Sometimes tenants leave things behind. Sometimes these things look valuable. Sometimes they leave entire apartments behind. What can a landlord do with abandoned property? The key issue is whether you have documentation about their ending their residency. Even with a lease, you must be sure they do not intend to reside there. Without such documentation, you must follow the abandoned property process.
If You Have Documentation
Suppose they communicated that they were leaving, left you their keys, and sent you a final text saying they have left. In this case, you can dispose of remnants as trash and deduct from the security deposit for the out-of-pocket cost of disposal. Anything that looks valuable might be stored in a basement to be nice, in case they come back. Save all emails, screenshot all their texts, and organize all your evidence. If they come back to sue, you can remind them that they told you they were gone.
The Abandoned Property Process
Suppose they have disappeared without saying anything. There may or may not be keys left in the apartment. In this case, you have no proof that they are gone forever. Even if the apartment is mostly empty, you haven’t heard them tell you they’re gone. They might have spare keys. They might intend to return. You must follow the abandoned property process.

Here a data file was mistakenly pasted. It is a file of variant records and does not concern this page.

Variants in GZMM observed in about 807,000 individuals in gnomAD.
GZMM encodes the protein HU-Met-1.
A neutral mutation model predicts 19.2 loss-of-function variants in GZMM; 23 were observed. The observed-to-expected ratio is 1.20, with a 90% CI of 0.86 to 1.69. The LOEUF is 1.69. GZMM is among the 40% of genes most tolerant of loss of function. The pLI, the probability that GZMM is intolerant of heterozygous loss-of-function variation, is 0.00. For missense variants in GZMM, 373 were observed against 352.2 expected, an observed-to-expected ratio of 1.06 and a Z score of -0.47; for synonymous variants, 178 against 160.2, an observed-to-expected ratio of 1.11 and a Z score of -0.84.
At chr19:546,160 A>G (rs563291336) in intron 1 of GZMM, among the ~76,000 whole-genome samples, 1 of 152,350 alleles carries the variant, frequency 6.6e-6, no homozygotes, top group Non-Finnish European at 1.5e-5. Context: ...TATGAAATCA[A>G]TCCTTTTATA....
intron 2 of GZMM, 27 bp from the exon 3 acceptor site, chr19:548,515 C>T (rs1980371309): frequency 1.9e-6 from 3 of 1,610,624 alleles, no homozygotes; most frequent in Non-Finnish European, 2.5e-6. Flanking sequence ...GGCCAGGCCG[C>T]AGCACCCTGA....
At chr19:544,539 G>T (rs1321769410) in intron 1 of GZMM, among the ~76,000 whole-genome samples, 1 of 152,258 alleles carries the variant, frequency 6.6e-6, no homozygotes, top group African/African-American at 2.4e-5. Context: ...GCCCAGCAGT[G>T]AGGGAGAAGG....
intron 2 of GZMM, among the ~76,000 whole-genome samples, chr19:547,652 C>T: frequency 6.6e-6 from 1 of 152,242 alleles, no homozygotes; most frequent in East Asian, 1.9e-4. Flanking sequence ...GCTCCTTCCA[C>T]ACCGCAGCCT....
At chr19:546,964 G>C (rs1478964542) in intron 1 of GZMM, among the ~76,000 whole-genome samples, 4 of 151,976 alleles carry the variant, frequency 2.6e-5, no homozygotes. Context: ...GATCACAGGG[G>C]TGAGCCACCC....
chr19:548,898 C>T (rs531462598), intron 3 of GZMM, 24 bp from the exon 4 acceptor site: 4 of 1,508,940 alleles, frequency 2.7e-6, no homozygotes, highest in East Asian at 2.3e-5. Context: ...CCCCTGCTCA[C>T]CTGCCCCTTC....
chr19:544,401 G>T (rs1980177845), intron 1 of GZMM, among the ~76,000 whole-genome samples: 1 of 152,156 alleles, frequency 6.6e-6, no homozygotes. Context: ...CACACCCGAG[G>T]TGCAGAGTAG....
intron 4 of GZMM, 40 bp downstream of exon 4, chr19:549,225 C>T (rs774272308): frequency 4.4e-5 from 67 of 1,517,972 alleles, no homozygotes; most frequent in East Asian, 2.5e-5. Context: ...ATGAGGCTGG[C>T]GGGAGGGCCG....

The abandoned property process is:
1.) Issue the disappeared tenant a notice to quit. Mail it to their rental address.
2.) Talk with other tenants, look for piled up mail, or smell for an odor. Any evidence that they have left should be documented before you enter.
3.) Enter the apartment. A constable is not required. If there is nothing left, the apartment is abandoned. If there is anything left at all, write another letter to their rental address:
“Based on the following observations I have determined that you have abandoned your apartment. If I have not heard from you in 7 days, I will assume it’s abandoned.”
4.) Take pictures of everything left behind, or if you aren’t comfortable taking pictures, bring a constable back to document the apartment for you.
5.) Go to court following the normal eviction process to get an execution. This should go quickly because the tenant is not there to resist. Make sure you file all paperwork as soon as you can.
6.) With the execution, constable, and bonded moving company, move the remaining items into storage. Pay the movers per the law.
7.) The apartment is now yours.
If you have some communication indicating they were ending their tenancy, you might make do with just step 3. When in doubt, follow full the abandonment process. It will let you dispose of any items of any value and still be found faultless under MA law.
- Related Page: Massachusetts Eviction Process